David Maxwell, a senior fellow at the Foundation for Defense of Democracies, said Seoul is “trying to walk the tightrope between the U.S. and China” and clearly fears economic retaliation from Beijing.
“I am sure South Korea, as do others, may also question … the boycott. Will it have an effect that will be worth the likely economic warfare it will suffer?” said Mr. Maxwell, a 30-year Army veteran who served extensively in Asia and closely tracks the region.
“If we want [South Korea] to support the boycott, then we need to make sure it knows that the U.S. will be committed to aiding [it] in defense of the Chinese economic warfare attack,” he told The Washington Times on Monday.
Home and abroad
It’s unclear whether any behind-the-scenes diplomacy took place before Mr. Moon’s public comments. In announcing the boycott last week, White House officials focused on objections to China’s human rights record, particularly accusations of ongoing crimes against its Uyghur minority in Xinjiang province.
“The Biden administration will not send any diplomatic or official representation to the Beijing 2022 Winter Olympic and Paralympic Games, given [China’s] ongoing genocide and crimes against humanity in Xinjiang and other human rights abuses,” White House press secretary Jen Psaki said last week. “We did not think it was the right step to penalize athletes who have been training, preparing for this moment. And we felt that we could send a clear message by not sending an official U.S. delegation.”
Mr. Biden’s announcement met with generally bipartisan support at home. Some China hawks in Congress faulted the president for not boycotting the games altogether.
Other nations share the U.S. objections to China’s role as host but have publicly questioned whether a diplomatic boycott is the most effective tactic.
“To be clear: You either have a complete boycott and not send athletes, or you try to change things with useful actions,” he said at a press conference last week, according to French media.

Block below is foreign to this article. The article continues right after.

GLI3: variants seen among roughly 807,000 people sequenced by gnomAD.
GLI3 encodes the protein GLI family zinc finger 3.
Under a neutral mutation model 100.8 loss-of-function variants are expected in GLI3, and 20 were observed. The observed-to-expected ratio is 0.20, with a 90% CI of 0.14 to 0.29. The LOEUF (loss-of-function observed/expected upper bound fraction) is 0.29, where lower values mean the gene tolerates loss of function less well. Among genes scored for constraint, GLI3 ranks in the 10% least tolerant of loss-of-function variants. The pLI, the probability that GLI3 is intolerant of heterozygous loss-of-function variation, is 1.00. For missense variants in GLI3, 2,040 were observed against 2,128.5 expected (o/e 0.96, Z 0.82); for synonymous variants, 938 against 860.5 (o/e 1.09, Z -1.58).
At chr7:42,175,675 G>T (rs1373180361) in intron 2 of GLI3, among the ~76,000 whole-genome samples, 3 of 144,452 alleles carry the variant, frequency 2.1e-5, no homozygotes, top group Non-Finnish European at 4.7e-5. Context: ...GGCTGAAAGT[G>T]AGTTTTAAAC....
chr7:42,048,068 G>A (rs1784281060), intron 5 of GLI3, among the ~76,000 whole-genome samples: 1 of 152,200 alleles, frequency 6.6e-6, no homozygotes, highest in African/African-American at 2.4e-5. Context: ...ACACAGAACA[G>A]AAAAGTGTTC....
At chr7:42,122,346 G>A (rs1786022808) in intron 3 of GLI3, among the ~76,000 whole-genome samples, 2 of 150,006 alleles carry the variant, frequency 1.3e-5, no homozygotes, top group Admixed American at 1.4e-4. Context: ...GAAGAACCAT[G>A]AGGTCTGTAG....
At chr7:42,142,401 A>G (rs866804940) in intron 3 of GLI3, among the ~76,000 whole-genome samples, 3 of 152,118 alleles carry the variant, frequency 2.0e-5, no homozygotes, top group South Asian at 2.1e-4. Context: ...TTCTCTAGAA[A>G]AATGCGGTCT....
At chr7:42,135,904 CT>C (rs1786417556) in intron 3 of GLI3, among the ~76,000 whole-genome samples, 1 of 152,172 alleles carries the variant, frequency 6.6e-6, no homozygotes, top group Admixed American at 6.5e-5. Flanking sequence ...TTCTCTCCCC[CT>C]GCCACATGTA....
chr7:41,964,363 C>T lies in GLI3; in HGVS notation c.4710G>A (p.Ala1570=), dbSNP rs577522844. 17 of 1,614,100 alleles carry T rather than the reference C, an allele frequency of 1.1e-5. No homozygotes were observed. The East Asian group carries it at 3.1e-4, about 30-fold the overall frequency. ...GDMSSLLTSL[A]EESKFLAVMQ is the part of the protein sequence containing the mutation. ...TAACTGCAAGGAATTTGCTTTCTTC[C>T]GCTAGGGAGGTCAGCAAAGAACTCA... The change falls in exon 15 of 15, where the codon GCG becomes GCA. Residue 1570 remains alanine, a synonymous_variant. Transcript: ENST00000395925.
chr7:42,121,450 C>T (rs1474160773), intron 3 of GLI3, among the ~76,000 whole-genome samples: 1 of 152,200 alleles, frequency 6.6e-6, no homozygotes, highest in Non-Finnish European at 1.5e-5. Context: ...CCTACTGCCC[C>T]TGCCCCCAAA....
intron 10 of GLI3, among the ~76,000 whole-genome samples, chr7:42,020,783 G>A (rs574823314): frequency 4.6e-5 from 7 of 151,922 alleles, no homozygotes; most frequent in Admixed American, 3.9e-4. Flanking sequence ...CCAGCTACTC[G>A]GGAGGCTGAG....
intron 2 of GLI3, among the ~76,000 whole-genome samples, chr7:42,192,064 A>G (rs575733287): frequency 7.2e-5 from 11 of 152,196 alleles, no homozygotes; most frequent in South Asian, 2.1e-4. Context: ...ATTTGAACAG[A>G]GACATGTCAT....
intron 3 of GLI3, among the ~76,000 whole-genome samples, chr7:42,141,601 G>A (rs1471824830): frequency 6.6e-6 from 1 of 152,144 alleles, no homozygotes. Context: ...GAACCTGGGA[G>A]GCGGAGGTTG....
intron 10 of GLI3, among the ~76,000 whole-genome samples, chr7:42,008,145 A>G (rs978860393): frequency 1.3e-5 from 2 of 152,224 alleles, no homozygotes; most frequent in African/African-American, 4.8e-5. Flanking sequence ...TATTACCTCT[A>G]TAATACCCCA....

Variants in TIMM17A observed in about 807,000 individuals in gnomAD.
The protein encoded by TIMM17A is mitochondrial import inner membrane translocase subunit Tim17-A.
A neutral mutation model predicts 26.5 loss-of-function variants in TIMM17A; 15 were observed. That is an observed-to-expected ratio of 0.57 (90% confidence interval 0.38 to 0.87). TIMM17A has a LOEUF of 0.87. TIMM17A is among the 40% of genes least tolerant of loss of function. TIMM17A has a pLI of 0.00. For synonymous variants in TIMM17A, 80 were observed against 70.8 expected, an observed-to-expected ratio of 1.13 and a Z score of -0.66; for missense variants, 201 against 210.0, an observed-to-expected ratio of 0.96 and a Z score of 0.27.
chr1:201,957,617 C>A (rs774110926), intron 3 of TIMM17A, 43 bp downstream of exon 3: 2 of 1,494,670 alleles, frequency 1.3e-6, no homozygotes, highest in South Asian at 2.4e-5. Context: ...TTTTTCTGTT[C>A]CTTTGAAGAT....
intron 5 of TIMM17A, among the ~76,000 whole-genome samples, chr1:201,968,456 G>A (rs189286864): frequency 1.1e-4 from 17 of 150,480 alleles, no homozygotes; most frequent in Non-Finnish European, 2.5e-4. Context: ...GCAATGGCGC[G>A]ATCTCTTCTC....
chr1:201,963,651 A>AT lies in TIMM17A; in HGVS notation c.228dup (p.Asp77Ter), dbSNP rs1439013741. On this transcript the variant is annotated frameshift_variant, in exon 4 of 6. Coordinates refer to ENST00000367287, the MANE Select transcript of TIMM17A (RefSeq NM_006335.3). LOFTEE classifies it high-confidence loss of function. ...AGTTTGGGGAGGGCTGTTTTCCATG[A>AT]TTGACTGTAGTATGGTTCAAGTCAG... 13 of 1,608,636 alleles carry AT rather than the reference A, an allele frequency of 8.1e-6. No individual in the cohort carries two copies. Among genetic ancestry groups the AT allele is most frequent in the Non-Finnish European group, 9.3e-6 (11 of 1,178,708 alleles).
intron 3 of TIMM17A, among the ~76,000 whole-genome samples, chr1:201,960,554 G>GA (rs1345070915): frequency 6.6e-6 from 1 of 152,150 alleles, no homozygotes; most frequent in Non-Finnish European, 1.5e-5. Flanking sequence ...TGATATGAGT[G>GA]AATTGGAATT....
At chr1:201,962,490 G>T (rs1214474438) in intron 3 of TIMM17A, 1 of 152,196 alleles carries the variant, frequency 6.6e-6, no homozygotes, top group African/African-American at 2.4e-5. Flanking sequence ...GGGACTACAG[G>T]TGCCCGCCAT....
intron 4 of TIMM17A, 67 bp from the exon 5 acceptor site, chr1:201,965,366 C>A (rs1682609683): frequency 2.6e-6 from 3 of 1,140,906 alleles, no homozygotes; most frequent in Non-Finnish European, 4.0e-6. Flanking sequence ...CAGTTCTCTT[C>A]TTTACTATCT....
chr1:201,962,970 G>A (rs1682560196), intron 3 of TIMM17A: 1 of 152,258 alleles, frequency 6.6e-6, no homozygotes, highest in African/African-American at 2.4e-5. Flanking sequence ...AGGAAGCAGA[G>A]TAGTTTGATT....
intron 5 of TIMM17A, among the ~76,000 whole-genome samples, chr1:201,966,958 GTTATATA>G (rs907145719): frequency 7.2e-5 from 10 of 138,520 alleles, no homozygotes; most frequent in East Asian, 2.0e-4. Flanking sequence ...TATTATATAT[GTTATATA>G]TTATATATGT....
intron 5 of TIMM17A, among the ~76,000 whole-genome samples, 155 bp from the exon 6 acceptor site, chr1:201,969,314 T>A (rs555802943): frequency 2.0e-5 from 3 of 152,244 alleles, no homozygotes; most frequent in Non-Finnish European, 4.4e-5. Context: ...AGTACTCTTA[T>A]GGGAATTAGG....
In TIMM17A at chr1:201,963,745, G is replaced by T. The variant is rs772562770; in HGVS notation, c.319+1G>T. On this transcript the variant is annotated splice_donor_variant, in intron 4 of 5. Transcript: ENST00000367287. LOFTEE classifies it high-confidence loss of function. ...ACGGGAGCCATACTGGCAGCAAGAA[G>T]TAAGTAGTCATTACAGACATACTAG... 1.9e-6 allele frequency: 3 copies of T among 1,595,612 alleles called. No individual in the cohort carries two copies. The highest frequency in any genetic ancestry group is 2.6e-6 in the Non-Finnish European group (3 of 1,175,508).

“We’re talking about something rather symbolic,” he said.
Austrian Foreign Minister Alexander Schallenberg, whose country is traditionally competitive in the Winter Games, said Monday that “politicizing” the Olympics “does not seem useful to me.” German Foreign Minister Annalena Baerbock suggested that Berlin won’t take part in a diplomatic boycott of the games.
Getting the 27-nation European Union to adopt a single get-tough approach to China has been stymied by reservations from some Eastern European nations. Hungary, for one, has cultivated Chinese markets and sought Chinese funding for infrastructure and business deals. An EU-wide boycott of the Olympic Games, diplomatic or otherwise, would require consent from every member.
The Israeli newspaper Haaretz late last week cited an unidentified senior Israeli official calling the diplomatic boycott “bizarre” and suggesting that the country has no intention of joining the effort.
Like other nations around the world, Israel has cultivated closer ties with China in recent years, especially in the economic realm. Since 2005, China has spent nearly $13 billion in direct investments and construction projects in Israel, according to AEI’s China Tracker.
• This article is based in part on wire service reports.
• Ben Wolfgang can be reached at firstname.lastname@example.org.